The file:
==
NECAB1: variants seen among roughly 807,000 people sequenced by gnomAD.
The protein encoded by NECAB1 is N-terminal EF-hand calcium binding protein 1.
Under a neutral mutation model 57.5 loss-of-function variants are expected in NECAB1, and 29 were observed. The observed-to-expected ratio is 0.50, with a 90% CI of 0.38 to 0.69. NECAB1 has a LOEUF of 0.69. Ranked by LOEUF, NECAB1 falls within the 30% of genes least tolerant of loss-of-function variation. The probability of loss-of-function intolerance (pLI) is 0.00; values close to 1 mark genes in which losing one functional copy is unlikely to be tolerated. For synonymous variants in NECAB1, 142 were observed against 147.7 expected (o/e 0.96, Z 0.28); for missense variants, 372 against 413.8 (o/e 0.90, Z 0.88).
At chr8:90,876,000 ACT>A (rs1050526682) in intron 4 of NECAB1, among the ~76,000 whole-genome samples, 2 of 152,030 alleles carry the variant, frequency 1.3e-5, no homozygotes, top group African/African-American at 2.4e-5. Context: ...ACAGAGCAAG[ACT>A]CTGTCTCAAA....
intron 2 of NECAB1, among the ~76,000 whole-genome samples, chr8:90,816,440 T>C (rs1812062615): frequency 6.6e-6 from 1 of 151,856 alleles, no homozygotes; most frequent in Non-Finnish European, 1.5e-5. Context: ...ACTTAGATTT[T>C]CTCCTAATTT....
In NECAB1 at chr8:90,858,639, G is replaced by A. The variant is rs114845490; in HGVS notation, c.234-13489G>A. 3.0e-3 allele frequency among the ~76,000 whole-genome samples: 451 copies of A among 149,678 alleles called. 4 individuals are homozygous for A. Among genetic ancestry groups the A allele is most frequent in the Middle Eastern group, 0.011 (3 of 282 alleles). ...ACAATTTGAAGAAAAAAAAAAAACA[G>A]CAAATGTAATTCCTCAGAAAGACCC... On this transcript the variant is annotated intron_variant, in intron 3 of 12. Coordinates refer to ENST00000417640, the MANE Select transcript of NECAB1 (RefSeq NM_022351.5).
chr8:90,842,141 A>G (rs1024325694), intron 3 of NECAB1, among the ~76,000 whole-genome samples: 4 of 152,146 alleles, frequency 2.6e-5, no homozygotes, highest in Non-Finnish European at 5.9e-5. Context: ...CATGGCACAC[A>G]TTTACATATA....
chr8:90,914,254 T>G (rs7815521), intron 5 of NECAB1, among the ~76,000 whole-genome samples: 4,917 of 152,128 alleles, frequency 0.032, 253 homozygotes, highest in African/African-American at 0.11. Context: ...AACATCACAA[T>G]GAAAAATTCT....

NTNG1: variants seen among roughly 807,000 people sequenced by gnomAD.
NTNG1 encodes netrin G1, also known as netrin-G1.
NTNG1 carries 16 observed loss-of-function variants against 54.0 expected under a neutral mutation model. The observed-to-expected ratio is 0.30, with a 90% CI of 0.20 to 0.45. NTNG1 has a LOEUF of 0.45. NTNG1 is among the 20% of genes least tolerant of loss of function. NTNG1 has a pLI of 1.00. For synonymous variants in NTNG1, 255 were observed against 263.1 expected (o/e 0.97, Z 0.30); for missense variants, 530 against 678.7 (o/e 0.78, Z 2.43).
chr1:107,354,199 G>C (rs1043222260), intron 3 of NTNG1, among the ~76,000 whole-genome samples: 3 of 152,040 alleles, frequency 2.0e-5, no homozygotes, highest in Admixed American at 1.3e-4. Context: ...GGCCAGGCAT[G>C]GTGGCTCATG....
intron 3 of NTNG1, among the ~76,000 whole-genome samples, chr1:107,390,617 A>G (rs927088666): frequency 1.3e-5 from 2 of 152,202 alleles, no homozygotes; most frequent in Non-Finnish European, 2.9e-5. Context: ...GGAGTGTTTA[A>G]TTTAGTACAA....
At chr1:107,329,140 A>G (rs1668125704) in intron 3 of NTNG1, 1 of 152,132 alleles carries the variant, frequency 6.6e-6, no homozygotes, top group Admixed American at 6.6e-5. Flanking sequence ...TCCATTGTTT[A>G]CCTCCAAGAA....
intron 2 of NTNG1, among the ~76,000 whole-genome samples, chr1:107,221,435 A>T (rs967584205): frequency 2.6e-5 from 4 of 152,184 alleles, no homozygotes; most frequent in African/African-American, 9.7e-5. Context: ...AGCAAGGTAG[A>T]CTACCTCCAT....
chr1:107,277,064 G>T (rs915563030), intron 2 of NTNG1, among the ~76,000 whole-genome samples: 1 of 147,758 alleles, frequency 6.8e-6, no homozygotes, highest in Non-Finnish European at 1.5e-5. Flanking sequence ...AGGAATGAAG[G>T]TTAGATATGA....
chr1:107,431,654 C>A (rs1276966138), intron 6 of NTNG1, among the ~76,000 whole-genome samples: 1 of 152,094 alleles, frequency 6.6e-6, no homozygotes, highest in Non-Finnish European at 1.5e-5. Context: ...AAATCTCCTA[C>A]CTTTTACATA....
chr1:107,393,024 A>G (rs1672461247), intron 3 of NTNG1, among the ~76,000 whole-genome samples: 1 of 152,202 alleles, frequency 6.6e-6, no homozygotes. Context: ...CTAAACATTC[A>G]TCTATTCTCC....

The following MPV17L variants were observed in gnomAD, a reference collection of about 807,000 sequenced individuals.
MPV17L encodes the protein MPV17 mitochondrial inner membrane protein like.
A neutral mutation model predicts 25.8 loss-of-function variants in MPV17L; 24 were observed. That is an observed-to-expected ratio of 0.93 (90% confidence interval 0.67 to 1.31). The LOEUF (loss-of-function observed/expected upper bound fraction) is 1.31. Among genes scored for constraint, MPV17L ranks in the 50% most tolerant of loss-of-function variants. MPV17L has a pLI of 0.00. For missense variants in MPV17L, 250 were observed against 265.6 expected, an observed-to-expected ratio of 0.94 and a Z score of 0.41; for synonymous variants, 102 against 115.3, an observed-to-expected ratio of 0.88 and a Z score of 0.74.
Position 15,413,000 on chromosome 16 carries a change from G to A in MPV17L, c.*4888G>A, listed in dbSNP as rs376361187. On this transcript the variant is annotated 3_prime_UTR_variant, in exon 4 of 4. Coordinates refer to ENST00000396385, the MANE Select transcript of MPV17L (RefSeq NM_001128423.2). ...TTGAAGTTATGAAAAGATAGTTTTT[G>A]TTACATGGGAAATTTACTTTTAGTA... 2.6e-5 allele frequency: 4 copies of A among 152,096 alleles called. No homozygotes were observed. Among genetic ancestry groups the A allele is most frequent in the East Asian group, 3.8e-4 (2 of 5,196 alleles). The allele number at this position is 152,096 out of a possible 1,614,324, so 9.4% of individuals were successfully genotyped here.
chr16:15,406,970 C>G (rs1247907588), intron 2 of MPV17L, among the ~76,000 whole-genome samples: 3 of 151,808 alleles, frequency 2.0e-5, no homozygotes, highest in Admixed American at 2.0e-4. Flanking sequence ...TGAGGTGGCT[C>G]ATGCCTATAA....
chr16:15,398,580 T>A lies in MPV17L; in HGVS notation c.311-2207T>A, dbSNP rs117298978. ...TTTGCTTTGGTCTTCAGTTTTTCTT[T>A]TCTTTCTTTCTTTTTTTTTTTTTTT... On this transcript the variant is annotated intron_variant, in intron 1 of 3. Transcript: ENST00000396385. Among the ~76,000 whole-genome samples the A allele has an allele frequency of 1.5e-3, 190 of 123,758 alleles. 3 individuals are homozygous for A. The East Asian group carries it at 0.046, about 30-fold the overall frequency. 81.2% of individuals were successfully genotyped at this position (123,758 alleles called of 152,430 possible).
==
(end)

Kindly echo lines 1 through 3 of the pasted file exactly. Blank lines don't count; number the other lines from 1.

NECAB1: variants seen among roughly 807,000 people sequenced by gnomAD.
The protein encoded by NECAB1 is N-terminal EF-hand calcium binding protein 1.
Under a neutral mutation model 57.5 loss-of-function variants are expected in NECAB1, and 29 were observed. The observed-to-expected ratio is 0.50, with a 90% CI of 0.38 to 0.69. NECAB1 has a LOEUF of 0.69. Ranked by LOEUF, NECAB1 falls within the 30% of genes least tolerant of loss-of-function variation. The probability of loss-of-function intolerance (pLI) is 0.00; values close to 1 mark genes in which losing one functional copy is unlikely to be tolerated. For synonymous variants in NECAB1, 142 were observed against 147.7 expected (o/e 0.96, Z 0.28); for missense variants, 372 against 413.8 (o/e 0.90, Z 0.88).